Scifi
The Black Hole
.
Dir: Gary Nelson
Star: Maximilian Schell, Anthony Perkins, Robert Forster, Yvette Mimieux, Ernest Borgnine
Cert / Year: PG / 1979
Format: DVD R2
'

The crews of the research vessel Palameno are on a mission to scout deep space when they encounter the vast gravitational pull of a black hole. Upon further investigation they find the long lost research vessel Cynus holding position impossibly close to the black hole. They decide to investigate only for their ship to be damaged in the process. Forced to dock with the Cynus to make repairs they are about to become the guests of mad scientist Dr. Hans Reinhardt and his army of robots, but just what re his plans for them.

In 1977 Star Wars changed cinema, suddenly sci-fi was cool and special effects movies were big box office. Paramount decided to give its Star Trek series a big screen outing, and Disney decided to cash in on the act with The Black Hole. Whereas Star Wars and Star Trek were a success and went on to spawn massive franchises this film pretty much disappeared. So just what went wrong with this film?

The reason this film proved to be less than successful is that it really has no idea who its target audience is. There is too much psychological babble and not enough action for it to be a kids film, and there is too much general silliness for it to be an adult movie. The story is basically 20,000 leagues under the sea set in space. Yet the realism of that movie has been ruined by cutesy robots and tacked on idiotic scenes like the asteroid shower or the robot shooting contest. It is a shame as a gritty space story of a mad genius without normal morals would have been great, but what we are left with here is a sadly Disneyfied mess.

One thing The Black Hole does have going for it are some excellent miniature effects. The model of the Cynus is great, but don't they know it. Just like Star Trek The Motion Picture far too much time is spent circling the model giving the audience a chance to be impressed by it. Thankfully as people got more used to such impressive effects this self-congratualry fad passed into history. What is less forgivable though is the poor use of CSO to include the human actors with the model effects. Blue haloing gives the game away and looks bad by anybody's standards.

If the models are good the robots are less successful. The best of the bunch is the evil Maximilian. It is huge floating scarlet monster with spinning knives for hands, a single slit eye that glows a hellish red, and an intimidating hum. The other bad guy robots are less effective being blokes in suits stiffly goose-stepping as they comically pretend to be robots. Up against then are the good guy robots VINCENT and Old Bob, which are basically super twee garbage cans on strings. These R2D2 wannabe's have silly cute eyes, a tendency for awful literary quotes, and the ability to change expression by raising their dustbin lids. Kids may love them but they are stupid in the extreme, and don't even get me started on the farcical ESP link to one of the crew members (yes a robot with ESP!).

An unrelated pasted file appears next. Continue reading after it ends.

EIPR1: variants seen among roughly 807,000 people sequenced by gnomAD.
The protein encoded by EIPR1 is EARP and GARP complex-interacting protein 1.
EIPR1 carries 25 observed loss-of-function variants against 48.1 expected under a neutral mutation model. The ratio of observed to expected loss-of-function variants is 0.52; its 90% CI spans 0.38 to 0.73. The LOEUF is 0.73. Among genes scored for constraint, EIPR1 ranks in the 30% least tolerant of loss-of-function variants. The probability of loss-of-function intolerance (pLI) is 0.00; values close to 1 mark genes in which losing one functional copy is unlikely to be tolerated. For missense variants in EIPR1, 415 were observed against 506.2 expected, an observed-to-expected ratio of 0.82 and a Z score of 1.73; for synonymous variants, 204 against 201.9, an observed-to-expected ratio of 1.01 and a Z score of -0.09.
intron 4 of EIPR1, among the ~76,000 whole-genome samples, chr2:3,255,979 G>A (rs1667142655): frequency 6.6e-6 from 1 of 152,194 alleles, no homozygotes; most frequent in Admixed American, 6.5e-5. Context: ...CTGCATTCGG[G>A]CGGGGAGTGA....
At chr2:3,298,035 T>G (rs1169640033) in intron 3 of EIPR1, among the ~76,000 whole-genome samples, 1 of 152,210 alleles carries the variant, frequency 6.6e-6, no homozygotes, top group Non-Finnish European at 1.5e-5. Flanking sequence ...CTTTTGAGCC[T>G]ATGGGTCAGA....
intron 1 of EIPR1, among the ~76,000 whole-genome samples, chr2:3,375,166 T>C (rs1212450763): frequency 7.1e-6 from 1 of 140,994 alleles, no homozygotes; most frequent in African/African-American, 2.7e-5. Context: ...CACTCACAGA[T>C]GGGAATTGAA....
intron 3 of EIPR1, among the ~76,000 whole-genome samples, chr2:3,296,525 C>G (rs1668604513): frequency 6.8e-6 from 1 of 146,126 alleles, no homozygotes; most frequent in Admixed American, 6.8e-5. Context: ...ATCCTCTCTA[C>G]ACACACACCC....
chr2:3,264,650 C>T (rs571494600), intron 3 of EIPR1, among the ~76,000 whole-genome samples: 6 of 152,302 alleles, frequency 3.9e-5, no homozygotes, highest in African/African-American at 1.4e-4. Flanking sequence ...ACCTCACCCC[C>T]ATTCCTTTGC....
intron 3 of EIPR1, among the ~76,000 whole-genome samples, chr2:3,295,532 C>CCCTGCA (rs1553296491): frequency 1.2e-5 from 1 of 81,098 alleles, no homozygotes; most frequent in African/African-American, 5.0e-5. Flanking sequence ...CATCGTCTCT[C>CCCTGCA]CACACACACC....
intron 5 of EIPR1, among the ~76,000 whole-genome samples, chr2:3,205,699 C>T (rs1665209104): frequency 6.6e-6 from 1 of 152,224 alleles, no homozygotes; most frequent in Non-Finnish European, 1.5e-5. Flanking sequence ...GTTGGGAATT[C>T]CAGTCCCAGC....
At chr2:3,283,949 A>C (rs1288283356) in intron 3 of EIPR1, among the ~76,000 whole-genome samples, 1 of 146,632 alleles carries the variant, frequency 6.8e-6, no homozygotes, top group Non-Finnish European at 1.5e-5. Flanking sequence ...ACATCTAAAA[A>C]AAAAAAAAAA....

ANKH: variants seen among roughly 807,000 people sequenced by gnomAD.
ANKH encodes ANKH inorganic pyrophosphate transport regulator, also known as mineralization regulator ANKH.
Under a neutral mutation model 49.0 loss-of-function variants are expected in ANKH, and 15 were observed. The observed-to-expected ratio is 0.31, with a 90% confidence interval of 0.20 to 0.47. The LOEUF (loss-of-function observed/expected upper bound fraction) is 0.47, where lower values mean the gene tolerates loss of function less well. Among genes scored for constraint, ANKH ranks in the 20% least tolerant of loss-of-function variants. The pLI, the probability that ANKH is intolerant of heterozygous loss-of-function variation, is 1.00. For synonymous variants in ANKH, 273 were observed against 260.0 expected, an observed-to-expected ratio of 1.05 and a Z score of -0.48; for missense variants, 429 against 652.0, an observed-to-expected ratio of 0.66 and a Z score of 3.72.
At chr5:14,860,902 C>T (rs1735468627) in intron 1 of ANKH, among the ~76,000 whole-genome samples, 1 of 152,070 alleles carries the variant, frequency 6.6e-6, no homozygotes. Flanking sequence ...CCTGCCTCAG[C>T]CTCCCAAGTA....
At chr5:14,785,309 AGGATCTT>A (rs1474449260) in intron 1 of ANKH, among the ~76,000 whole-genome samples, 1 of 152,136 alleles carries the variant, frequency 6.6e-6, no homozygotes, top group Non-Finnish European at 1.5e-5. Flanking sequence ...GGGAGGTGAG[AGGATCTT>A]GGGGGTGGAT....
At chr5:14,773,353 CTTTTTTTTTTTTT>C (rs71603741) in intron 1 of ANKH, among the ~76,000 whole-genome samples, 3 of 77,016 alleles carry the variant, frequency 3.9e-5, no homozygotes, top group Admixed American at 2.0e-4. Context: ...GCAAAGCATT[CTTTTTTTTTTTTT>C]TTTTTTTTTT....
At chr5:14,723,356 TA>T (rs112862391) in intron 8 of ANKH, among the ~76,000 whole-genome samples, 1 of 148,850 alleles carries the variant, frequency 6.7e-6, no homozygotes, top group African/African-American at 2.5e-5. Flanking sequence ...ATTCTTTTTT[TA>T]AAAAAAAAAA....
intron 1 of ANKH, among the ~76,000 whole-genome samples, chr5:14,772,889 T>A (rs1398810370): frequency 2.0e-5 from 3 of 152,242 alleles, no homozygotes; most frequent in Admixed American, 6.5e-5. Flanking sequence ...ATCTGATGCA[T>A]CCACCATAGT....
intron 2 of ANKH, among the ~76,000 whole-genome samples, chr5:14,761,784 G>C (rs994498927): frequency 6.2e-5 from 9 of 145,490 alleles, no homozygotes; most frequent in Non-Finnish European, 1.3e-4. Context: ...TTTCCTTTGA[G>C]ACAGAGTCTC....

This gives you an idea of the general disregard for common sense the film has. Things start off ok with a relatively accurate depiction of gravity of the black hole, and a laudable but pathetic attempt to depict zero gravity by people on wires (they must have been keen on this effect as they use it to death in the first 10 minutes, it's just a shame you can see the wires and it looks awful). However the further into the film you go the dafter things become, with neatly spherical glowing asteroids, people surviving in space with no space suits or air supply, and the black hole changing color to red (a red hole, erm no comment). This all culminates in the inexplicable 2001 inspired fantasy flight ending, which manages to be both incomprehensible and bizarre.

Kids will enjoy The Black Hole more than adults yet even as children's movie it is highly flawed. The eclectic cast (which includes Anthony 'Norman Bates' Perkins, a portly Ernest Borgnine, and Maximilian Schell who seems to be doing a Brian Blessed impersonation) are pretty good and try really hard to keep things moving, but at the end of the day the badly thought out story does for them. The action and effects when they work are impressive, however it just isn't enough to save the film. This Disney cash in proved that you just couldn’t throw a space movie together and expect it to compete with Star Wars.

Tagline

A journey that begins where everything ends!

Rating: 1.5 out of 5

DVD
Picture 2.35:1 Anamorphic Especially good considering the age
Audio Dolby Digital 5.1 It's 5.1 but it's not really used as such.
Features none
Verdict Good transfer but nothing else, really poor.

Rating: 1 out of 5

Reviewed by Glitz Back Top Home